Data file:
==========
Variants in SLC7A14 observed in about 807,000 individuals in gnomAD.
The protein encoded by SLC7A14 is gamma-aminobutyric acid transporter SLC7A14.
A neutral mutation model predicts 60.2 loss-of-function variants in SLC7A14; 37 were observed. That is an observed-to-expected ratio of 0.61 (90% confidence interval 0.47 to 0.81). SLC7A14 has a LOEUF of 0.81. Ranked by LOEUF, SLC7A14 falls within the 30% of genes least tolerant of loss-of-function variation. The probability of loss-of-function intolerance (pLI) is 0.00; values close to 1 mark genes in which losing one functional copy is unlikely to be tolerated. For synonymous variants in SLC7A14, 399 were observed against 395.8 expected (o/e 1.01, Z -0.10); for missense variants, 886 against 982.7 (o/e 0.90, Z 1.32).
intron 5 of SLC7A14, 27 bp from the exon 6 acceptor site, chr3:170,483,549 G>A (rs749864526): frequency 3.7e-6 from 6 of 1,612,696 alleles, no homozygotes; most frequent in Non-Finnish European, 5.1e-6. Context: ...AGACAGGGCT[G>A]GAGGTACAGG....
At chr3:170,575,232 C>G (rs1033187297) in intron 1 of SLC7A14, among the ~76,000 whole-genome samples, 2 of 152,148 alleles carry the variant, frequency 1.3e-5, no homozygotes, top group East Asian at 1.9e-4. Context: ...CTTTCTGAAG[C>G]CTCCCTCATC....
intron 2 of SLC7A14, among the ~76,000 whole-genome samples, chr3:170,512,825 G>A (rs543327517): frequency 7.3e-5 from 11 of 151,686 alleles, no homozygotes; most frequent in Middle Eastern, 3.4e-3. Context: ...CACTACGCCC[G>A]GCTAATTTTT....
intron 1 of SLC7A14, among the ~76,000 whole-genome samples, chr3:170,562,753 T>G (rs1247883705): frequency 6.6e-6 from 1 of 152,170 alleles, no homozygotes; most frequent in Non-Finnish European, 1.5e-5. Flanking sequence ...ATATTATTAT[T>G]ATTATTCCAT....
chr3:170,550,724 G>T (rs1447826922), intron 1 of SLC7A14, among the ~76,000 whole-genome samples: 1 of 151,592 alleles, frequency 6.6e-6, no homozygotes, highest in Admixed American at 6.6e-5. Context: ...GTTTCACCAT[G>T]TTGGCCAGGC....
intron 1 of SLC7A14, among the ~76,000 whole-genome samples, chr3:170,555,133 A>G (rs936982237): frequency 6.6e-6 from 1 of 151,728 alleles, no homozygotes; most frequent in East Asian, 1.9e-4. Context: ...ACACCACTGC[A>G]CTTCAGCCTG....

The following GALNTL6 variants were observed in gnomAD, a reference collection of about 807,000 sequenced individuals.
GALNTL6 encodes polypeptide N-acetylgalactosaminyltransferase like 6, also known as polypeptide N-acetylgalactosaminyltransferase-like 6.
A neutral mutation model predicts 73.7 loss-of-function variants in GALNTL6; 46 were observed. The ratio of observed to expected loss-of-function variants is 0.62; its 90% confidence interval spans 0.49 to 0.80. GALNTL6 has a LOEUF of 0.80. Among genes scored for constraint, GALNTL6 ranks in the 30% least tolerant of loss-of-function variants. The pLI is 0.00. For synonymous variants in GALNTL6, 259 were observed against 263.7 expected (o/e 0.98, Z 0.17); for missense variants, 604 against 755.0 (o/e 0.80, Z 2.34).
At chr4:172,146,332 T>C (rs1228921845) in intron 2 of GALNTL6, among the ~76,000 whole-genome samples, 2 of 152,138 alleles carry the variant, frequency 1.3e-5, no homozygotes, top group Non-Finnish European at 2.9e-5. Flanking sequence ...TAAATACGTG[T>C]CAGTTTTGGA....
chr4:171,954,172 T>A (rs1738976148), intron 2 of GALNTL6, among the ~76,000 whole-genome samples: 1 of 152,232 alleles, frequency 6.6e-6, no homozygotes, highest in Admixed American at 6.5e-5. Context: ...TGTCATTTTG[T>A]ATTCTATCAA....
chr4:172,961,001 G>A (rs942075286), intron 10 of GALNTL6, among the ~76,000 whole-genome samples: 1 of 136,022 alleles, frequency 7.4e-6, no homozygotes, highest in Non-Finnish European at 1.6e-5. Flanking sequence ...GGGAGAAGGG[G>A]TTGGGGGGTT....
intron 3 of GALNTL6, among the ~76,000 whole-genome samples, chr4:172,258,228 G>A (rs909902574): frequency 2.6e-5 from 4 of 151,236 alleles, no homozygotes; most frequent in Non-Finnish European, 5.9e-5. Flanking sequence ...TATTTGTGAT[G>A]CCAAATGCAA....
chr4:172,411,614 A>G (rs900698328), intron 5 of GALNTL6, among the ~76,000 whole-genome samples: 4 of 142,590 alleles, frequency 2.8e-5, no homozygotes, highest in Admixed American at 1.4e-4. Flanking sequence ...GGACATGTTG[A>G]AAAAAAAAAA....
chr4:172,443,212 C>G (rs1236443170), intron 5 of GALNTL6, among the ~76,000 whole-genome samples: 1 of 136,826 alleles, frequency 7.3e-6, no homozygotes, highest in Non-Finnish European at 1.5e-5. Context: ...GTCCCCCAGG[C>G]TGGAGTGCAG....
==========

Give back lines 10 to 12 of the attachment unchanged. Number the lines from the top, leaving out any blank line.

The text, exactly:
The following GALNTL6 variants were observed in gnomAD, a reference collection of about 807,000 sequenced individuals.
GALNTL6 encodes polypeptide N-acetylgalactosaminyltransferase like 6, also known as polypeptide N-acetylgalactosaminyltransferase-like 6.
A neutral mutation model predicts 73.7 loss-of-function variants in GALNTL6; 46 were observed. The ratio of observed to expected loss-of-function variants is 0.62; its 90% confidence interval spans 0.49 to 0.80. GALNTL6 has a LOEUF of 0.80. Among genes scored for constraint, GALNTL6 ranks in the 30% least tolerant of loss-of-function variants. The pLI is 0.00. For synonymous variants in GALNTL6, 259 were observed against 263.7 expected (o/e 0.98, Z 0.17); for missense variants, 604 against 755.0 (o/e 0.80, Z 2.34).